Sorting out personal finances is a huge deal when moving to Spain, and student loans is often one of the biggest concerns. By and large, most participants on the Ministry of Education Auxiliar Program and other Teach in Spain programs are young people just out of college, meaning they’ve likely racked up some debt upon graduation.
Between a small stipend and a (likely) case of wanderlust, it will be difficult to enjoy a year or two or even a lifetime in Spain and pay back Uncle Sam!
Most people choose to defer for a time, favoring experience and a healthy dose of tapas to the financial obligations of their loans. Here’s a quick guide on how to do it.
Different Types of Loans
Like tapas, loans come in every shape and size, but typically fall into two categories: federal or private.
Federal: These loans are given directly to students and require no cash or collateral. What’s more, they have lower interest rates because they are funded by the government. They can also be consolidated after graduation. The most common types are Stafford, Perkins and Parent PLUS loans.
Private: Depending on credit standing and projected field of study, you may have a private loan through a private lender, such as Sallie Mae or a bank. Private loans allow you to take out more money at a time, but often have higher interest rates, are not tax-deductible and lenders are not very forgiving when it comes time to pay.
Understand that there are two ways to temporarily postpone your loan payments: to defer or forbearance.
- Deferment means you put off paying both the principal and interest on your loan.
- Forbearance means you are unable to make payments because of economic hardship. In these situations your loan company can offer you a reduced payment, though you’ll still be responsible for paying interest.
Both federal and private loans are eligible for deferment or forbearance, so long as you’re in good standing (as in, not behind on any payments) and meet the criteria specific to your loan. The government may or may not pay the interest accrued during this time.
Your Status in Spain
Your status in Spain as an auxiliar de conversación or lector is a strange one – you have legal, short-term residence but do not pay taxes or social security in Spain. The government considers you a becario or grant recipient.
Your acceptance letter into the auxiliar program will include all of the necessary information to prove that you are on a student visa and earning a small stipend that is considered post-graduate work by both the US and Spain.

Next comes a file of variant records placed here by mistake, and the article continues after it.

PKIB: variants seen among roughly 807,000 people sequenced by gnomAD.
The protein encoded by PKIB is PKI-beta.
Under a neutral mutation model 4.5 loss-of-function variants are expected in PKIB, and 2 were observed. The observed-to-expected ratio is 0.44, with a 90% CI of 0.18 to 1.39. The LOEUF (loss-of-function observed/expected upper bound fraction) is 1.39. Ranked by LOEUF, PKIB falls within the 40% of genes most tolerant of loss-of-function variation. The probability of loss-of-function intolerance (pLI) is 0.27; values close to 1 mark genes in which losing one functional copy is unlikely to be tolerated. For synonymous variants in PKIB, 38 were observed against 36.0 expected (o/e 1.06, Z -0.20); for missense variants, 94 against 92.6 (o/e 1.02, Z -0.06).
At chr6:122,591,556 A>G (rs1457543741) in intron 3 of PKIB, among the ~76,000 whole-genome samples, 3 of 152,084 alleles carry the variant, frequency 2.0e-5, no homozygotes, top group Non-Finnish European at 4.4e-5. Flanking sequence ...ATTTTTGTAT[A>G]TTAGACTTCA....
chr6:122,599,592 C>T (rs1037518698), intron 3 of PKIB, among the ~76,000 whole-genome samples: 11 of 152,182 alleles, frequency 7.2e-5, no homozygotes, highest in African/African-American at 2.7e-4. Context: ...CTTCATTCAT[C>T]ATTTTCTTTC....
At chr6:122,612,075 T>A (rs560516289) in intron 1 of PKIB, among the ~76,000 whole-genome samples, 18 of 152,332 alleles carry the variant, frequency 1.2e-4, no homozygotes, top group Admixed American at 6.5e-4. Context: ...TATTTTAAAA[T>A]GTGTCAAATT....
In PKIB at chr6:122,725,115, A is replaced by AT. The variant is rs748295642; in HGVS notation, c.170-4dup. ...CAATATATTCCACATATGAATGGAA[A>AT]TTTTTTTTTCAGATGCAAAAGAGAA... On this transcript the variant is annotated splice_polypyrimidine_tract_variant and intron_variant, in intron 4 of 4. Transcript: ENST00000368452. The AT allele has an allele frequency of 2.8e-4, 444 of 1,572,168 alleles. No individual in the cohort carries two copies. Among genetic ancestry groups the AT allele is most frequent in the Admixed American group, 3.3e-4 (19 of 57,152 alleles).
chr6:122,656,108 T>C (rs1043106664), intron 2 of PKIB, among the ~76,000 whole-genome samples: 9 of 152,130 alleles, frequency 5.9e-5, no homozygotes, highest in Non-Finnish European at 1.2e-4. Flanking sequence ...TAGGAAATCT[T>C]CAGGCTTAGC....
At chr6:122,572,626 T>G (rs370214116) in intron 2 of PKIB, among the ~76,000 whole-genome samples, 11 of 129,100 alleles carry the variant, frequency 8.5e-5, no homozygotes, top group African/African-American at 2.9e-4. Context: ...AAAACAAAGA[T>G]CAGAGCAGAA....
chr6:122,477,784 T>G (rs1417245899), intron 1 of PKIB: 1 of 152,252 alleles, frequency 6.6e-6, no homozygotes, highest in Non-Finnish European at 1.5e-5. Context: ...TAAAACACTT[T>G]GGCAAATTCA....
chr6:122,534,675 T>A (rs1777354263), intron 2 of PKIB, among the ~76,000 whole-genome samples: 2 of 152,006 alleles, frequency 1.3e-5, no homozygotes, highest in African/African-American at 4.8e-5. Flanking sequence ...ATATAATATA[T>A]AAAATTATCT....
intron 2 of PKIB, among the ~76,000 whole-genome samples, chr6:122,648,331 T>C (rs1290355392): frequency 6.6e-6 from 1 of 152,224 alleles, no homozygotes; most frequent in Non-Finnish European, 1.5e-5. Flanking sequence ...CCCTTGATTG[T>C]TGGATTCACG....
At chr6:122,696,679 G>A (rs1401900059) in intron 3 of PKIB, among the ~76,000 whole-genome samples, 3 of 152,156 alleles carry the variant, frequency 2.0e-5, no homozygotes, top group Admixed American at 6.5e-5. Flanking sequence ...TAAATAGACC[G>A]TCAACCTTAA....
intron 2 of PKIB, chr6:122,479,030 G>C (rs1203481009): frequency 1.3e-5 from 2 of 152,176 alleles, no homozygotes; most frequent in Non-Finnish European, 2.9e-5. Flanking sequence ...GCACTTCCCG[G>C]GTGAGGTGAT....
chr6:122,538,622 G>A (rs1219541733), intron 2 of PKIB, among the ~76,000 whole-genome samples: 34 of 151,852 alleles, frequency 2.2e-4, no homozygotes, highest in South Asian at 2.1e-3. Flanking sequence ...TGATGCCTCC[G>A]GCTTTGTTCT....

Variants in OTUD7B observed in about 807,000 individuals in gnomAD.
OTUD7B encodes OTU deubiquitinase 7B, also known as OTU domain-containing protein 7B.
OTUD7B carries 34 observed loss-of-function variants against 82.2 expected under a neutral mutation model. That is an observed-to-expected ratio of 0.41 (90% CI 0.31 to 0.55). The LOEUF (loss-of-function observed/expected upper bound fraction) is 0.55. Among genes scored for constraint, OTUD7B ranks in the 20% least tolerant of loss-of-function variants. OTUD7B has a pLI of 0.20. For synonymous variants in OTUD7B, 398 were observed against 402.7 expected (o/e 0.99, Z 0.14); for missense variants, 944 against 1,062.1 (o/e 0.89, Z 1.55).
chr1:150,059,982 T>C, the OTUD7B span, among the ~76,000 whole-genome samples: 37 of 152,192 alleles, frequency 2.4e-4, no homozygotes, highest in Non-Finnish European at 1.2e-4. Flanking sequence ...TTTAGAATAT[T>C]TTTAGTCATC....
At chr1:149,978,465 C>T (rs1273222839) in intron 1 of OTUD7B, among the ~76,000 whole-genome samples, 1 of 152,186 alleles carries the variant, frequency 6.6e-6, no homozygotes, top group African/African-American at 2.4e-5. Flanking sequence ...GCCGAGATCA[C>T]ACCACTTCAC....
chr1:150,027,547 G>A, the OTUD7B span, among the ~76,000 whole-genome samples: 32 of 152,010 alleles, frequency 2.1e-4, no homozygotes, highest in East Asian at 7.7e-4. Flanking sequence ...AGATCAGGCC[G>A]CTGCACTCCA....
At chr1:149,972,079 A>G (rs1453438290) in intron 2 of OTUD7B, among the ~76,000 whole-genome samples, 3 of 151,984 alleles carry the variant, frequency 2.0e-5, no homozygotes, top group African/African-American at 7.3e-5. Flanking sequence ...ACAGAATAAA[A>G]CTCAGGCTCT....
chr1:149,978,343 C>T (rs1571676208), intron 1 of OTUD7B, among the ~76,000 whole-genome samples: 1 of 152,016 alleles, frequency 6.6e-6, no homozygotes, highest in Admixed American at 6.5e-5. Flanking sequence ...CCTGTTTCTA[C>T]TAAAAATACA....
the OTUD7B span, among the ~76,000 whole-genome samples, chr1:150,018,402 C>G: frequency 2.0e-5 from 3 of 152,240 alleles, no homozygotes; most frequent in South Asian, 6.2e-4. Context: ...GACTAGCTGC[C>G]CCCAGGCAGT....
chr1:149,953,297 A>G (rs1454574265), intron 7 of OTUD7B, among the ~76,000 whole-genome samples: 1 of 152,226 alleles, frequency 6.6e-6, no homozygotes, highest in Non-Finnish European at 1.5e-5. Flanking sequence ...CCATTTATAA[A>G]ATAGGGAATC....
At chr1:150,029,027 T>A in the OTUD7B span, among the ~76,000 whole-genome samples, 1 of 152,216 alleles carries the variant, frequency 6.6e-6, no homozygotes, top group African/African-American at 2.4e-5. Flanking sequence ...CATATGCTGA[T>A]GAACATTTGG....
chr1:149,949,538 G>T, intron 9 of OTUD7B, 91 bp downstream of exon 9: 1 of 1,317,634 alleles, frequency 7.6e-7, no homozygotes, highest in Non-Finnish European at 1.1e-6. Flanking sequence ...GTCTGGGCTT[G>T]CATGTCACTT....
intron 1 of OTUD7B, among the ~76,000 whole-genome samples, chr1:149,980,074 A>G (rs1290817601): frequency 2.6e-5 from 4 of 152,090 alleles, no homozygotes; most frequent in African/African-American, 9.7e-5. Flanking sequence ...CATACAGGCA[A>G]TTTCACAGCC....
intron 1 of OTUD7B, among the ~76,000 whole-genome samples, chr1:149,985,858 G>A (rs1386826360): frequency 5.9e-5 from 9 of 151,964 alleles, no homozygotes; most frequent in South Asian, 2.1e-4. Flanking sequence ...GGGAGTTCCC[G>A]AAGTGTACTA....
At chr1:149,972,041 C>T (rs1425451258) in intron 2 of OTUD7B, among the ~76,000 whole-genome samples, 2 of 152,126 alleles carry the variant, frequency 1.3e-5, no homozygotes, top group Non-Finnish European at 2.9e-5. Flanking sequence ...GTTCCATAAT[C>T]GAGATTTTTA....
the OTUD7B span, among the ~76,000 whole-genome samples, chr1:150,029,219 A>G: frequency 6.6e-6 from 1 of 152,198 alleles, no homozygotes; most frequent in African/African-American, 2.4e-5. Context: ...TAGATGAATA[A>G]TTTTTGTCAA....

How to Defer Your Loans
If you have a federal loan, you’re in luck – everything can be taken care of easily over the phone. Federal loans can be deferred due to your status as participating in post-graduate studies, so you’re set as long as you present your case. You can call your university’s financial aid office for more information and to request the deferment.
However, since the auxiliar program is not continuing education, per se, the government can deny your request for deference. In that case, you should be offered forbearance per the Economic Hardship option. This means you’ll accrue interest on the lump sum you owe, but you can put it off during the duration of your time in Spain. It should be noted note that though interest is not due during a forbearance it is capped and added to the principal at the end of the forbearance, meaning the balance of the loan increases.
Remember that you MUST continuing paying your loans until you receive notice that your deferment or forbearance has been granted.
Private loans are a different story, and your best option is to ask if your lender has exceptions for internships, fellowships or medical residencies. If so, give them a call to request paperwork and have your acceptance and placement letters translated to send as proof of your stipend.
If knowledge is power, talking to several people within the same private lender could be another way to figure out which options are best for you.
And if I’m Not Teaching?
If you’re not teaching, it’s best to call or log onto your online account to find out what options you have. If you’re not satisfied after talking to someone, try again! Persistence is key when securing a viable option to allow you to live comfortably in Spain without fretting over your financials back in the USA.
Have you deferred loans for your move to Spain and have tips to share with others? Leave them below in the comments!